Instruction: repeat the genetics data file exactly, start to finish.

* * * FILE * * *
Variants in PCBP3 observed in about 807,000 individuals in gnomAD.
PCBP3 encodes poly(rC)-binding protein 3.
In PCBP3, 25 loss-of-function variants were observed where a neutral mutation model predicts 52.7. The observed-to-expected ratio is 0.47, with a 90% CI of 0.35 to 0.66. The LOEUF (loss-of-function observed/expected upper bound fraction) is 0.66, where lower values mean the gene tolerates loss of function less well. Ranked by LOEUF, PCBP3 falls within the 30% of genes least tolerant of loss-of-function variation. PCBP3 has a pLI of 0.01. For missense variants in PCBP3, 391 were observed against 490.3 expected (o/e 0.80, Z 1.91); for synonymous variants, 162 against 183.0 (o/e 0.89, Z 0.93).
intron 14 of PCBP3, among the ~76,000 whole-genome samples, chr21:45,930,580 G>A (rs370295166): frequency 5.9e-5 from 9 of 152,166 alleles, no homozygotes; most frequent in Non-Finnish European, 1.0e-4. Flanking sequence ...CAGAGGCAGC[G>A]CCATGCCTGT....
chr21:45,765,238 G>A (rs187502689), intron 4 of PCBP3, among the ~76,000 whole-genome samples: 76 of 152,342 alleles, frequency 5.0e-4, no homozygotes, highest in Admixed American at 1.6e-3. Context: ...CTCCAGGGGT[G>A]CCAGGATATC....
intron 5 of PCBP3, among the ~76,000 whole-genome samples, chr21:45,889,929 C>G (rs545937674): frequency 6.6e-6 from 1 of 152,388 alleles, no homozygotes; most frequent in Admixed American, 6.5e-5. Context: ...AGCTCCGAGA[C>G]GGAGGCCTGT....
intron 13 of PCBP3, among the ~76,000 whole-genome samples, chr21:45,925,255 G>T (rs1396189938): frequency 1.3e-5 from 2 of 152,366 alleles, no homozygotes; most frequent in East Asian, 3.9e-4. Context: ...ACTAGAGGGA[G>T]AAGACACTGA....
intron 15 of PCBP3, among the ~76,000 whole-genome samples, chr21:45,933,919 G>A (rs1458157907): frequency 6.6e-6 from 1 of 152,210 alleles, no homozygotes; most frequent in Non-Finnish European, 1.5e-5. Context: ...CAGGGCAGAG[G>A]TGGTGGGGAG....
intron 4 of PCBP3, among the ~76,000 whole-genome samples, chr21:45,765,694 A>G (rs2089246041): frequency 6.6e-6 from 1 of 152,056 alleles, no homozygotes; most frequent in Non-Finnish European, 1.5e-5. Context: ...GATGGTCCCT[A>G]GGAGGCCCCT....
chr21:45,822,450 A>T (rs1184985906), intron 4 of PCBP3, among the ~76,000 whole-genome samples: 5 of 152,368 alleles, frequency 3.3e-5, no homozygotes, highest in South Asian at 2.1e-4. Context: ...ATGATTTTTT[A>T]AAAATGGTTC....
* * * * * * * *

Variants in PCBP3 observed in about 807,000 individuals in gnomAD.
PCBP3 encodes poly(rC)-binding protein 3.
In PCBP3, 25 loss-of-function variants were observed where a neutral mutation model predicts 52.7. The observed-to-expected ratio is 0.47, with a 90% CI of 0.35 to 0.66. The LOEUF (loss-of-function observed/expected upper bound fraction) is 0.66, where lower values mean the gene tolerates loss of function less well. Ranked by LOEUF, PCBP3 falls within the 30% of genes least tolerant of loss-of-function variation. PCBP3 has a pLI of 0.01. For missense variants in PCBP3, 391 were observed against 490.3 expected (o/e 0.80, Z 1.91); for synonymous variants, 162 against 183.0 (o/e 0.89, Z 0.93).
intron 14 of PCBP3, among the ~76,000 whole-genome samples, chr21:45,930,580 G>A (rs370295166): frequency 5.9e-5 from 9 of 152,166 alleles, no homozygotes; most frequent in Non-Finnish European, 1.0e-4. Flanking sequence ...CAGAGGCAGC[G>A]CCATGCCTGT....
chr21:45,765,238 G>A (rs187502689), intron 4 of PCBP3, among the ~76,000 whole-genome samples: 76 of 152,342 alleles, frequency 5.0e-4, no homozygotes, highest in Admixed American at 1.6e-3. Context: ...CTCCAGGGGT[G>A]CCAGGATATC....
intron 5 of PCBP3, among the ~76,000 whole-genome samples, chr21:45,889,929 C>G (rs545937674): frequency 6.6e-6 from 1 of 152,388 alleles, no homozygotes; most frequent in Admixed American, 6.5e-5. Context: ...AGCTCCGAGA[C>G]GGAGGCCTGT....
intron 13 of PCBP3, among the ~76,000 whole-genome samples, chr21:45,925,255 G>T (rs1396189938): frequency 1.3e-5 from 2 of 152,366 alleles, no homozygotes; most frequent in East Asian, 3.9e-4. Context: ...ACTAGAGGGA[G>T]AAGACACTGA....
intron 15 of PCBP3, among the ~76,000 whole-genome samples, chr21:45,933,919 G>A (rs1458157907): frequency 6.6e-6 from 1 of 152,210 alleles, no homozygotes; most frequent in Non-Finnish European, 1.5e-5. Context: ...CAGGGCAGAG[G>A]TGGTGGGGAG....
intron 4 of PCBP3, among the ~76,000 whole-genome samples, chr21:45,765,694 A>G (rs2089246041): frequency 6.6e-6 from 1 of 152,056 alleles, no homozygotes; most frequent in Non-Finnish European, 1.5e-5. Context: ...GATGGTCCCT[A>G]GGAGGCCCCT....
chr21:45,822,450 A>T (rs1184985906), intron 4 of PCBP3, among the ~76,000 whole-genome samples: 5 of 152,368 alleles, frequency 3.3e-5, no homozygotes, highest in South Asian at 2.1e-4. Context: ...ATGATTTTTT[A>T]AAAATGGTTC....